The advent of social media is rapidly changing the book review/recommendation culture. What has been the biggest challenge for you and Good Reading Magazine and how have you overcome it/adapted to the changes?

Over the past year we have rebuilt our website from the bottom up. We have rebranded and increased the amount of content we offer readers by 100 per cent.

Social media does make it more challenging. This is a crowded space. How do you stand out? We have to be a part of that landscape, but for us, we hone in and focus on our passion, books and reading. We stick to staying on brand, and on our message about who we are. It’s about trust and independence. It’s about offering curated content focused on our shared passion of books and reading with our followers. 

The most important thing when reading book reviews is that they come from a trusted source. There have recently been some issues around a few authors ‘review bombing’ other authors by writing poor reviews of their books. There are fake reviews and some authors paying for a review of their own book, which raises all sorts of questions around conflict of interest. 

The publishing and book industry is dominated by American literature. How has Good Reading promoted local writers and the Australian literary scene? What role do you hope for Good Reading Magazine to play within the Australian literary zeitgeist?

I still believe the publishing landscape is dominated more from the UK than the US. 

But over the last 20 years there has been the rise of Australian publishing. If I think back to before 2000, there were only a small number of Australian authors getting published. Now publishers have dedicated programs for local publishing and they are committed to swinging their weight behind the Australian book and author with resources. Australian books are now bestsellers overseas, think Liane Moriarty just for one. A terrific result all around.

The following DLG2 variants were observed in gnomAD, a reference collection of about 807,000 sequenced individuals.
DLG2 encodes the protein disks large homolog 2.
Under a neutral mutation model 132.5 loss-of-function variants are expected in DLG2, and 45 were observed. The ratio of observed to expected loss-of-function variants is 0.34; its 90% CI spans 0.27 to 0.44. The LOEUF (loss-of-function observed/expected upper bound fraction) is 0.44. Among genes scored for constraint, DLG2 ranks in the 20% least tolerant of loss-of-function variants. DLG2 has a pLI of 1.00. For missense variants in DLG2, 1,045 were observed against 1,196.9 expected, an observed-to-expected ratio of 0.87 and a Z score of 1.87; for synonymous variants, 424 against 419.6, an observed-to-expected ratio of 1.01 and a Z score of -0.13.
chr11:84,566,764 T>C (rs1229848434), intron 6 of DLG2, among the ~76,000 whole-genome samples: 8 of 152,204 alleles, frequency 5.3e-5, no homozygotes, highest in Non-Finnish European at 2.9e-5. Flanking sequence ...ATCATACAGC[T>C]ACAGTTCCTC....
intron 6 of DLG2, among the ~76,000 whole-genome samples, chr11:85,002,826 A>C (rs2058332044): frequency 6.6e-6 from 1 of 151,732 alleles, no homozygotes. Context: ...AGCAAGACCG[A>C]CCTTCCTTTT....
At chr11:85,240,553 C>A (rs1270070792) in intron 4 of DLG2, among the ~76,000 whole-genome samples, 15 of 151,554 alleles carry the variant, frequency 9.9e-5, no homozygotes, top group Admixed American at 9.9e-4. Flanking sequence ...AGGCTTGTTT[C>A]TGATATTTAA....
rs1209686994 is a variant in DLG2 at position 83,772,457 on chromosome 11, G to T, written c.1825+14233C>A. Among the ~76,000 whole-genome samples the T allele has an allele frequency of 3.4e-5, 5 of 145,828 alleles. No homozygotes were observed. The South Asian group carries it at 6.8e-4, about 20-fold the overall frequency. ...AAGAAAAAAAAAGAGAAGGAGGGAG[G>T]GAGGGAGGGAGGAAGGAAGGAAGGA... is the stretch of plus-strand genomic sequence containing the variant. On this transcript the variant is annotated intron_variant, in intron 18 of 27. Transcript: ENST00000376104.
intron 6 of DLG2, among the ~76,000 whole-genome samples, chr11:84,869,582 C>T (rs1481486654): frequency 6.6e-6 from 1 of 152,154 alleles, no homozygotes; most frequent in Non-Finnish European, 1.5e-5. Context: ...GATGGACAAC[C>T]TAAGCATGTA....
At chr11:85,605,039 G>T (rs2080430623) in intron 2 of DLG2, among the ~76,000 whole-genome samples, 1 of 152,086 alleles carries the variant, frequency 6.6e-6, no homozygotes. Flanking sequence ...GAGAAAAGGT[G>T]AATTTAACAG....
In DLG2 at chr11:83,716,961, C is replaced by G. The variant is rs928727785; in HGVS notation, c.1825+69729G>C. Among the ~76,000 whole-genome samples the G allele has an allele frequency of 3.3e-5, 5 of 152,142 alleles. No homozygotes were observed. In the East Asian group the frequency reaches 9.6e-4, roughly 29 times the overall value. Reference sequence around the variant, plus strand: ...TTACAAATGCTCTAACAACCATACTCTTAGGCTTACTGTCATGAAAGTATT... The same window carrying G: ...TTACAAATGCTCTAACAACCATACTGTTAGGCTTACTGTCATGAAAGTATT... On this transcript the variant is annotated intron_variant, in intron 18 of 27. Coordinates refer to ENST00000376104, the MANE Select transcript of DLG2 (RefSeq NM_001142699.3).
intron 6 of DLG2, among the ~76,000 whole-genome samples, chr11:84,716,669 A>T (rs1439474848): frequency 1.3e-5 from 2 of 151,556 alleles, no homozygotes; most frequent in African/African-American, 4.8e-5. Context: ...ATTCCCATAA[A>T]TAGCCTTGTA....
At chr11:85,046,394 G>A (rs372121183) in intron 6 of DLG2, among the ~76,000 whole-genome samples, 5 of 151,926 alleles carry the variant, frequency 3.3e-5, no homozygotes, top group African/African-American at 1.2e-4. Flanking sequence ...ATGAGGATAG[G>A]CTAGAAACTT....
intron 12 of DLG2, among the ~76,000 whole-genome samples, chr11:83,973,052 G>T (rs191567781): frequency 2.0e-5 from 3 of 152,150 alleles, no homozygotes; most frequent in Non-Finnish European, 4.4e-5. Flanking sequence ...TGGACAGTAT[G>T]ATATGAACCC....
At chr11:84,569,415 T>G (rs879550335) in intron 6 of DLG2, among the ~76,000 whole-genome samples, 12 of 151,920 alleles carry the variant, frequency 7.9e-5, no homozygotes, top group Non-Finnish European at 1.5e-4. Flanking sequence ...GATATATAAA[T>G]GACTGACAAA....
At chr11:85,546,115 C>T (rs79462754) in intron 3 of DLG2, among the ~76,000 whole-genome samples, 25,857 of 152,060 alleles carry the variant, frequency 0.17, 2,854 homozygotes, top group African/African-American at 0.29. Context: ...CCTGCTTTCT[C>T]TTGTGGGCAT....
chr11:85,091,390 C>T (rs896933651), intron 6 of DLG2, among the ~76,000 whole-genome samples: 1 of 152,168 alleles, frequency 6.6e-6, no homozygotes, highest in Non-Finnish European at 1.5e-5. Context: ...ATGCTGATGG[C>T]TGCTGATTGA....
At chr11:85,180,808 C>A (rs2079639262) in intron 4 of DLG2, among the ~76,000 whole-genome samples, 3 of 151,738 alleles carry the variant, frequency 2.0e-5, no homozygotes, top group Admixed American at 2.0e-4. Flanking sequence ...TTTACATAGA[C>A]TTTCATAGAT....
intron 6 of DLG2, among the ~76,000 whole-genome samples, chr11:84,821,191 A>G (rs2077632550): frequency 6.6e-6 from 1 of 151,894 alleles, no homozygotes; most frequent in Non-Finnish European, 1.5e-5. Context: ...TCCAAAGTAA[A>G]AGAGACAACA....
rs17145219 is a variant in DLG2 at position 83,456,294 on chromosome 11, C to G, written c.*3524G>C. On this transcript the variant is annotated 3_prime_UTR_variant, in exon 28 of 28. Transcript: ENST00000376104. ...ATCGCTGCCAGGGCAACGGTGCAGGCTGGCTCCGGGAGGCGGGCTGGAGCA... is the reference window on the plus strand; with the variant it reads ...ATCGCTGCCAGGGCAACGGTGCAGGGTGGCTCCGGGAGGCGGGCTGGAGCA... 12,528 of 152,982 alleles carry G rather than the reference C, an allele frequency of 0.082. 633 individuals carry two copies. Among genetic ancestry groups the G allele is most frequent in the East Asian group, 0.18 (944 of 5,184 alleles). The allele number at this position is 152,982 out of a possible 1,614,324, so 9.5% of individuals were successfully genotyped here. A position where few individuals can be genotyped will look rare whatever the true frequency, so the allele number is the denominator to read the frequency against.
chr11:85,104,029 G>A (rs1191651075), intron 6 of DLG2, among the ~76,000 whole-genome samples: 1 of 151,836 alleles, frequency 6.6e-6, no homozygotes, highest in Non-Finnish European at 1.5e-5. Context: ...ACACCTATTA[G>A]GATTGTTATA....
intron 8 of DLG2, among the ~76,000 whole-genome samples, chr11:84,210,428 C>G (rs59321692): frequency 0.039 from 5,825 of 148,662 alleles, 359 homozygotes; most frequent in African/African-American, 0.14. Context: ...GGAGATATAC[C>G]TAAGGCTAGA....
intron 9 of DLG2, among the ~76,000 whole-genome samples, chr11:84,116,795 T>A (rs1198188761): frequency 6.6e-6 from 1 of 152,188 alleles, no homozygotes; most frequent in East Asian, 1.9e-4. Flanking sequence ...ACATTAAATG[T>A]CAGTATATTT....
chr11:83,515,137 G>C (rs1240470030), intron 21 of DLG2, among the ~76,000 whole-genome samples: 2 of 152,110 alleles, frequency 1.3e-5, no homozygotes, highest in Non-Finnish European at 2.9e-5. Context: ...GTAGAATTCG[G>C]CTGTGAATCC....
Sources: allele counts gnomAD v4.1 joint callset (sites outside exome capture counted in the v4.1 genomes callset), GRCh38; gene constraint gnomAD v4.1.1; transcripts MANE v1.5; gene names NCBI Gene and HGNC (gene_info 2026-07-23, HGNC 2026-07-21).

Good Reading has always championed Australian writers and books. Every month we highlight books that are written by Australian or New Zealand writers. We will continue to do so with focused features and reviews, bringing readers attention to them. 

Is there any upcoming work that we should look out for both in Good Reading Magazine and Good Reading Podcast?

We will soon be providing new video and podcast content for books, with a special focus on kids and young adult books and authors. Plus, we have a new book subscription service that will be expanding. The best gift you can give is the gift of reading.

What have you learned about yourself through your career and industry experience?

I think, over time at Good Reading, I have learned how patient and resilient I am, as well as how stubborn I can be, for better or worse. After all this time I have realised that I can do anything. There’s hardly a job you could ask me to do that would scare me anymore.

And lastly, what do you look for in content pitching?

I'm always looking for something completely different to what we might be able to write in-house. We take on a very limited amount of freelance writing, so it has to be out of the box!